Lauren Volk from Cross Lanes will graduate with a degree in English/secondary education.
She has served as a Presidential Student Ambassador, senator at-large in the Student Government Association, vice president of Mountaineer Mentors, service chair of the Mortar Board and a speech and writing tutor in the Eberly Writing Studio.
This Eberly Scholar has maintained a 4.0 grade point average while immersed in research and outreach focused on destigmatizing Appalachian dialects, student teaching in middle and high schools, providing spiritual and emotional mentorship to students as a leader in the Campus Crusade for Christ and volunteering more than 200 hours to community service.
She worked alongside faculty from the Department of English as the lab manager of the West Virginia Dialect Project to compare the dialects of urban and rural high school students across the state and study how the perceptions of dialect differences shape educational experiences.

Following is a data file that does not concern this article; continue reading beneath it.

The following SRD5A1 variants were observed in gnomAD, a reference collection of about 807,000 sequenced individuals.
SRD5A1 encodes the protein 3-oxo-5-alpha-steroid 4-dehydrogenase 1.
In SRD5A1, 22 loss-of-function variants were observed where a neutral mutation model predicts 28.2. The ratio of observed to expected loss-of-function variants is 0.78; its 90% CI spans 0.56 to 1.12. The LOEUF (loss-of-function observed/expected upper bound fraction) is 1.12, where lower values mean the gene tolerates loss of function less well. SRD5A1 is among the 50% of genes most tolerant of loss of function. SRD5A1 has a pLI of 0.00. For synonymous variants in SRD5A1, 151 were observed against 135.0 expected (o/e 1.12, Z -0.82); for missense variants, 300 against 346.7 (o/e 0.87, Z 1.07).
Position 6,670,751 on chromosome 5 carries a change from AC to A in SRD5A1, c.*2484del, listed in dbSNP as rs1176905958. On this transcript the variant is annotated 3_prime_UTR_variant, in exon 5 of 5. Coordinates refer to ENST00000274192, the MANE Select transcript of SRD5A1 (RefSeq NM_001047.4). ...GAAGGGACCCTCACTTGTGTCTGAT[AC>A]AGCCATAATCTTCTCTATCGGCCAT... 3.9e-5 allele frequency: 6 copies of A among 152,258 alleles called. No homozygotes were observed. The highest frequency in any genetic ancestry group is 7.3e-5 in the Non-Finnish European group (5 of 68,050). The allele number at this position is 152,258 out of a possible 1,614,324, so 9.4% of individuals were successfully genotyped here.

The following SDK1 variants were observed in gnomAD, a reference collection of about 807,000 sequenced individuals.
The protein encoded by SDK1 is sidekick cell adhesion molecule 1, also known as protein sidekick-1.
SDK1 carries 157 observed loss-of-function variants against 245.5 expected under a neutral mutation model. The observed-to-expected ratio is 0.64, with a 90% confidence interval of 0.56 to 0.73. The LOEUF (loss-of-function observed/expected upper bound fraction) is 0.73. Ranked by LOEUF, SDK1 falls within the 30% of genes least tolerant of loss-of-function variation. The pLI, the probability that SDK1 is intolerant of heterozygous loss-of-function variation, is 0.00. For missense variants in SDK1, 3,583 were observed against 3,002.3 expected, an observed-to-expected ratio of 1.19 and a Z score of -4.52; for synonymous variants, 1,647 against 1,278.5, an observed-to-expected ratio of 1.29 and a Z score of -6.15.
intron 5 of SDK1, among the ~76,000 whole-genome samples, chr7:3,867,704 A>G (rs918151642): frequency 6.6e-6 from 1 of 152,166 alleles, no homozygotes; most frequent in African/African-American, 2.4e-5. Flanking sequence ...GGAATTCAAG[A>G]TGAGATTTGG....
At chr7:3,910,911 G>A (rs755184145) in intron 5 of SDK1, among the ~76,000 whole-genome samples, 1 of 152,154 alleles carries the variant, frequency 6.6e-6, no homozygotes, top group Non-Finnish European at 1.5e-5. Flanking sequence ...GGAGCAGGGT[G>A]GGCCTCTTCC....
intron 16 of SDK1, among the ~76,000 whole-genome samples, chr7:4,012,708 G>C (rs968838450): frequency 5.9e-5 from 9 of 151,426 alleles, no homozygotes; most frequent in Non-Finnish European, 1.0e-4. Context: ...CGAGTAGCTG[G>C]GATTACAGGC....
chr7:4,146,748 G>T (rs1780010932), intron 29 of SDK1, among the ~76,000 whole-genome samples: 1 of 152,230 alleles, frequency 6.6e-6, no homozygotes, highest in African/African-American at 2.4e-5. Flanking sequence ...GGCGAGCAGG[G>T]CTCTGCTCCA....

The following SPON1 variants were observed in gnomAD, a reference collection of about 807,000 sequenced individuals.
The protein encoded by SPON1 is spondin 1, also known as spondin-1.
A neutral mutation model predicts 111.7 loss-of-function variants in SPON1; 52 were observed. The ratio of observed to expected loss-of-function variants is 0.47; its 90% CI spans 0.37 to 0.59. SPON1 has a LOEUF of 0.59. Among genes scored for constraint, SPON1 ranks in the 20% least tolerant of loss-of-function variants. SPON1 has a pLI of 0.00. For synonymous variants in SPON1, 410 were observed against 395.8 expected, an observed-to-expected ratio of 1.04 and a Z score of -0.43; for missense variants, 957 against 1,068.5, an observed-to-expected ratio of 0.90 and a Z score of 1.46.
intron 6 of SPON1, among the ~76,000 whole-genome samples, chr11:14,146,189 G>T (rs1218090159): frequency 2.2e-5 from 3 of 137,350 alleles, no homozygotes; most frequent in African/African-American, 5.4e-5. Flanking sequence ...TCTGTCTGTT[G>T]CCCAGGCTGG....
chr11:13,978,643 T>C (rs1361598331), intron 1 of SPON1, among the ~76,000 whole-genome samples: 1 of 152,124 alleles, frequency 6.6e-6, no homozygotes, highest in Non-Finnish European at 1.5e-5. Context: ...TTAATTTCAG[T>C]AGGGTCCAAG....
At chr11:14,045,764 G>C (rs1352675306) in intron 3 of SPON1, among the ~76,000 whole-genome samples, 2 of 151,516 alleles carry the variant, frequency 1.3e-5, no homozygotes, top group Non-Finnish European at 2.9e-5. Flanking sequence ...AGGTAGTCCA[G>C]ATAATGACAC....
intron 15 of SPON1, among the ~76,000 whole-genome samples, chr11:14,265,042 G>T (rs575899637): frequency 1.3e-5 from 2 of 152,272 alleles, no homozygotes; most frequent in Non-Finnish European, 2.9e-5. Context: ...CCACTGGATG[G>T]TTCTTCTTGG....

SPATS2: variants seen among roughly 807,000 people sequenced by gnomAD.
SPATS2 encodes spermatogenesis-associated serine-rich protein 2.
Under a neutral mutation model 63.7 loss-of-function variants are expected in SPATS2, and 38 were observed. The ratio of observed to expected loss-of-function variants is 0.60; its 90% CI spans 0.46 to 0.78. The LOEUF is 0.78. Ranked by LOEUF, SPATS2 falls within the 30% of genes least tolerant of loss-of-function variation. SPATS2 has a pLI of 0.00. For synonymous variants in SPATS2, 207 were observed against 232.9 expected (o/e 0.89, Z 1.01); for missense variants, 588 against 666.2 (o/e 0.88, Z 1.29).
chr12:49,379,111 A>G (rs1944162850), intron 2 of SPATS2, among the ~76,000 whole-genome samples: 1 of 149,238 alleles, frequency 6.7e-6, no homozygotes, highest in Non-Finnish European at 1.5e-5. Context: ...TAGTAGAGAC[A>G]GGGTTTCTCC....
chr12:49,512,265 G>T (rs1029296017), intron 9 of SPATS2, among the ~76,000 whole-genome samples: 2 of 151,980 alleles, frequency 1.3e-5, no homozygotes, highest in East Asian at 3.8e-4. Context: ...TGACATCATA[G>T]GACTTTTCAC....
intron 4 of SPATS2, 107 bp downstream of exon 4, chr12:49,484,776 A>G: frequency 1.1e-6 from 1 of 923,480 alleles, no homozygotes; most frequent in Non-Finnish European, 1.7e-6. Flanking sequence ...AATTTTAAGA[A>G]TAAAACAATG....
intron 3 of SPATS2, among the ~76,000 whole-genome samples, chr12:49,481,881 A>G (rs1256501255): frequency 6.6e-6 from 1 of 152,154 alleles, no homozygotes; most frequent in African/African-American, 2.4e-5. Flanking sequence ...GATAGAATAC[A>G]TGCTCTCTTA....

Funded by the National Science Foundation, this research seeks to reduce discrimination against students from Appalachia who possess the often stigmatized speech features pejoratively referred to as speaking “country” by better educating faculty and other students.
Volk, who believes secondary teachers play a vital role in shaping the next generation of leaders, reports her opportunities for student teaching while helping students navigate their daily struggles — from relationships to poverty and food insecurity — have been among her most rewarding experiences at WVU.
She served as a student teacher at Mountaineer Middle School and Fairmont Senior High School, and a student observer at Morgantown High School.
“I may not perform brain surgery or cure a genetic disorder in the future, but as a teacher, I will try my best to inspire those who will,” Volk said.
An aspiring principal, Volk plans to work as a teacher in West Virginia for several years and eventually pursue a master’s degree in educational administration.